UPDATE: This article originally incorrectly stated that the US withdrew its objection to the GAC consensus on .amazon after the IANA transition was announced. In fact, it did so several months prior to that announcement.
Terrifying US presidential candidate Ted Cruz has told outgoing ICANN CEO Fadi Chehade to recuse himself from crucial decisions, claiming Chehade is conflicted.
Republican Cruz yesterday said that Chehade can’t be trusted to make decisions related to the IANA transition because he’s already signed up to a Chinese internet governance committee.
Chehade said in December that he’s become co-chair of an advisory committee of the World Internet Conference.
Also known as the Wuzhen Summit, it’s a China-led talking shop that has been criticized for pushing China’s agenda of limiting free speech and promoting governmental control over the internet.
Cruz quizzed Chehade about his involvement in a letter earlier this month, basically fishing for evidence that Chehade was in some way conflicted.
In response (pdf), Chehade said he wasn’t being paid for the committee role, but that his travel expenses would probably be picked up.
Aha! Cruz seized on that admission, writing yesterday:
Travel compensation from the Chinese government can be a form of personal conflict of interest, which could impair Chehade’s ability to act impartially and in the best interest of the [US] government when performing under the [IANA] contract. As such, Chehade should recuse himself from all ICANN decisions that could impact the Chinese government, which include all negotiations and discussions pertaining to the Internet Assigned Numbers Authority (IANA) transition.
Chehade, who says he only joined the committee in order to promote the notion of multi-stakeholder internet governance, makes $900,000 a year at ICANN in salary and bonuses.
With pay so criminally low, it’s easy to see how he could be tempted to subvert his principles for any foreign government who offered him a free business-class flight and a few nights in a swanky Beijing hotel.
He has kids to feed and clothe, after all.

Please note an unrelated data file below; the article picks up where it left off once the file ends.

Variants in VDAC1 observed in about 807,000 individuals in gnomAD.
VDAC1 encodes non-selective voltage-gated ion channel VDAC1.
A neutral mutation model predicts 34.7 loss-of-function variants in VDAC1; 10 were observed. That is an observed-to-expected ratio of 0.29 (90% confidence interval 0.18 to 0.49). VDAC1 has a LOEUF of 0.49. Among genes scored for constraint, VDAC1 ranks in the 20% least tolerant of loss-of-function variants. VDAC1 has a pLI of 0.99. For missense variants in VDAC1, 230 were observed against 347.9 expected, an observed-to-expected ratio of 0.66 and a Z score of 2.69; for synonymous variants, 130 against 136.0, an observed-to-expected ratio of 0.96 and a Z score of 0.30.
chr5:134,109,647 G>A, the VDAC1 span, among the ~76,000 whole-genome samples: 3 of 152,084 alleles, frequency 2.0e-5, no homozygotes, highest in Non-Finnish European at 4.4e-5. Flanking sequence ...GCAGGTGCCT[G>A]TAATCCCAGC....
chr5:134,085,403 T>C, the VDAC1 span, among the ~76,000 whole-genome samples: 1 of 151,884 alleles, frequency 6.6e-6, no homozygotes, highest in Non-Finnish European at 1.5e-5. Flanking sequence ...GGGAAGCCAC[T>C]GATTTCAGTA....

Cruz, on the other hand, has raised a mere $54 million in campaign contributions over the last five years, and not a single dollar of that will influence his political positions in any way whatsoever.
dotgay LLC has filed another appeal with ICANN, hoping to get its community-based .gay application back in the race.
It submitted a third Request for Reconsideration (pdf) this week, arguing on a technicality that its bid should have another Community Priority Evaluation.
The company has already lost two CPEs based on the Economist Intelligence Unit CPE panel’s belief that its definition of “gay” is too broad because it includes straight people.
It’s also lost two RfRs, which are adjudicated by ICANN’s Board Governance Committee.
The newest RfR addresses not the core “not gay enough” issue, but a procedural error at the EIU it believes it has identified.
According to the filing, dotgay is in possession of emails from an EIU employee who was responsible for verifying some of the dozens of support letters it had received from dotgay’s backers (generally equal rights campaign groups).
The company argues, citing the BGC’s own words, that this employee was not one of the official CPE “evaluators”, which means the EIU broke its own rules of procedure:
considering the fact that the CPE Process Document – which is considered by the BGC to be “consistent with” and “strictly adheres to the Guidebook’s criteria and requirements”, it is clear that the verification of the letters should have been performed by an independent evaluator… and not by someone “responsible for communicating with the authors of support and opposition letters regarding verification in the ordinary course of his work for the EIU”.
It wants the CPE to be conducted again, saying “it is obvious that the outcome of a process is often, if not always, determined by the fact whether the correct process has been followed”.
It’s difficult to see how the outcome of a third CPE, should one be undertaken, could be any different to the first two. Who verifies the support letters doesn’t seem to speak to the reason dotgay hasn’t scored enough points on its other two attempts.
But the alternative for the company is an expensive auction with the other .gay applicants.
Another CPE would at least buy it time to pile more political pressure on ICANN and the EIU.